By Jay Vincent,
Senior Vice President, Energy, The Saint Consulting Group
When describing the various constituencies that we are charged with targeting, educating and mobilizing on various land use development projects, we commonly talk about vocal minorities and silent majorities. But there’s a third constituency that is equally or more important to understand and engage in land use politics: independents. That shouldn’t come as any surprise. In political campaigns, stories are written, interviews conducted and polling fielded that chase the psychology of the independent “swing vote,” especially in contested races where its the key to winning. Land use politics is no different.
In many projects that automatically solicit the involvement of NIMBYs or special interests like business associations and labor organizations that have a direct or indirect financial interest, it is tough for local elected officials to figure out where a majority of their “real” residents are in terms of support. These organizations certainly have a voice and are welcome to the process, but elected officials who have been through the ringer of contentious real estate and development projects do start making assumptions about their involvement. Generally, chambers of commerce and other pro-business organizations support more development. Alternatively, environmental, historic preservation and other land conservation organizations are skeptical at the start. So it’s not unexpected when they receive letters, communiqués and testimony advocating one way or another.
So what’s to swing a decision-maker? I like to call them the independent, “unusual suspects” — the person who doesn’t typically show up to public hearings, isn’t with business alliance X or environmental group Y, but is at the podium tonight railing for or against this project. In the mind of an elected official, one might think of these independents: If they’re motivated to engage on this project it must be important, and if they’re missing American Idol tonight to lend their voice to this application, they might just take a moment to go vote at the local high school next time I’m up for election. Maybe even based on this project. How many of them are for or against?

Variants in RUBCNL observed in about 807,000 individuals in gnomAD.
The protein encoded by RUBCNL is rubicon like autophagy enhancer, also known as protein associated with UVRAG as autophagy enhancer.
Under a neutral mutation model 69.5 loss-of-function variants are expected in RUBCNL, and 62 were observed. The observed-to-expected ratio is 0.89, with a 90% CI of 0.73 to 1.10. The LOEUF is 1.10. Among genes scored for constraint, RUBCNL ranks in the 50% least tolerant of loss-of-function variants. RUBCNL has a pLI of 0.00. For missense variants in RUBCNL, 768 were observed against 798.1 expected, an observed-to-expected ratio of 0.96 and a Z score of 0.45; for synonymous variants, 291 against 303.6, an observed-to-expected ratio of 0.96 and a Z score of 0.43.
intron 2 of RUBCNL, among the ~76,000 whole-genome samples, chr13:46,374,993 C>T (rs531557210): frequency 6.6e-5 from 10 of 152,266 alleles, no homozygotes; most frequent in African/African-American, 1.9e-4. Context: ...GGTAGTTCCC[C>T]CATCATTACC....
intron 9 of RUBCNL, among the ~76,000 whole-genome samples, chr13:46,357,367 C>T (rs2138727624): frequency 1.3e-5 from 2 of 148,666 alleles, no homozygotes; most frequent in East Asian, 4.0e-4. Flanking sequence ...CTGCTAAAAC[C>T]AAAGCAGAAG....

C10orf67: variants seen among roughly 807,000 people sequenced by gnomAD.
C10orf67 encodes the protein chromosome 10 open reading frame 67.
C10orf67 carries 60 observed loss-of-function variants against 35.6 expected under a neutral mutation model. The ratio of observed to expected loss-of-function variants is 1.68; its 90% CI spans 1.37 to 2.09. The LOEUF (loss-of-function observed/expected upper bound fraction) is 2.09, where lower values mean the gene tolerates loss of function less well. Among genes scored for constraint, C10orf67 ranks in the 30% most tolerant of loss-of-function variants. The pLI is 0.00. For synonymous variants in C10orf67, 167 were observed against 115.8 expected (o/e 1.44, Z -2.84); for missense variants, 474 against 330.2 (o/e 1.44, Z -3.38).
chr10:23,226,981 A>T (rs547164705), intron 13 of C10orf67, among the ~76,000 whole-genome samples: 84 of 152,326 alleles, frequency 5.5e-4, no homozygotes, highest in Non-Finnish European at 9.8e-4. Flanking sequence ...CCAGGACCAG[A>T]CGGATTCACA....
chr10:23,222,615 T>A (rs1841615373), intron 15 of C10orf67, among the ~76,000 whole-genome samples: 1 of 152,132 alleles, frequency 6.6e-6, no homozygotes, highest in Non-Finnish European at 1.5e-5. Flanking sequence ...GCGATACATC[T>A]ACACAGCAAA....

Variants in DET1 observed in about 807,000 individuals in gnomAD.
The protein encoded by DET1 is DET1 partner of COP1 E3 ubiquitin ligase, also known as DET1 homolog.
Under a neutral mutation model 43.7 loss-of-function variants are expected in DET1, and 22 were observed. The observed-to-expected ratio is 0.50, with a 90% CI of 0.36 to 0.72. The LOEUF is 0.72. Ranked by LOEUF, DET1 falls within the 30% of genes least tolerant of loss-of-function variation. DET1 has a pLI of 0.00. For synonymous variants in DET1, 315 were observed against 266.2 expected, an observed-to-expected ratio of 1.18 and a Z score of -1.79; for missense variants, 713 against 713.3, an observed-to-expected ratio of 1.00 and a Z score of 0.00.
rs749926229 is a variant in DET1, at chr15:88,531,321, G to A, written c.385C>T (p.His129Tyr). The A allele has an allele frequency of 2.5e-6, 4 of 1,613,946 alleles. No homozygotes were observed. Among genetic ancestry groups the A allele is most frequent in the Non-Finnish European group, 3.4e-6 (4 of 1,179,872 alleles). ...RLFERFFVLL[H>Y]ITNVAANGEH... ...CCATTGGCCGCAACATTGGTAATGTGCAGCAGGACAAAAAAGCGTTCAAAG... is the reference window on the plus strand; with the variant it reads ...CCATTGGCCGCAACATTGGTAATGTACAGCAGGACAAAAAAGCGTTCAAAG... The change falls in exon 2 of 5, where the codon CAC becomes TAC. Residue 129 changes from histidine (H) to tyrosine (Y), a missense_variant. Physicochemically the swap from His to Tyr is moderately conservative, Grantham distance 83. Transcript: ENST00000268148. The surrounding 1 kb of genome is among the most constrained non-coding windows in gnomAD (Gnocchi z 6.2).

The competition between proponents and opponents becomes a race to the finish in terms of whoever educates independents first, best and last to then tune in and turn out. Especially when a project has received such high exposure that most everyone knows about it, and the usual suspects have all put a stake in the ground in terms of their position. The outreach effort is considerable, but so is the return when it means getting a permit to build.
Unfortunately, we see many examples of applicants just tapping the expected parties and stopping short of engaging independents to participate in the approval process on special use permits, re-zonings and regulatory approval public input proceedings. Recently, in my own backyard, the Potomac Appalachian Transmission Highline (PATH) project was in the line of fire during a series of public meetings to site a 10.5-mile stretch of a 765 kv transmission line in Loudoun County, Virginia http://loudounextra.washingtonpost.com/news/2009/aug/08/power-line-hearings-come-loudoun/ The State Corporation Commission must approve the project, but the local Loudoun County Board also has a stake, in the form of a whether to grant a conservation easement as part of the proposed route.
Having no position on the matter short of professional curiosity, I was interested to read that it appeared only some businesses and union members showed up to support the project in the face of many local residents opposed from western Loudoun. In my own humble opinion, PATH lost an opportunity to demonstrate support from the region’s residents. Are businesses and union members “real” people? Sure. Could they be impacted? Unquestionably. But the result was a minority of those interests versus a majority of residents in the local community. I’m not sure the SCC got the message that PATH has public support.
On tough contested land use cases, pushing independents into the democratic public hearing process is the American (and the right) Way.
Jay Vincent is senior vice president for energy, The Saint Consulting Group, email firstname.lastname@example.org and phone 312.970.5770 Ext: 7502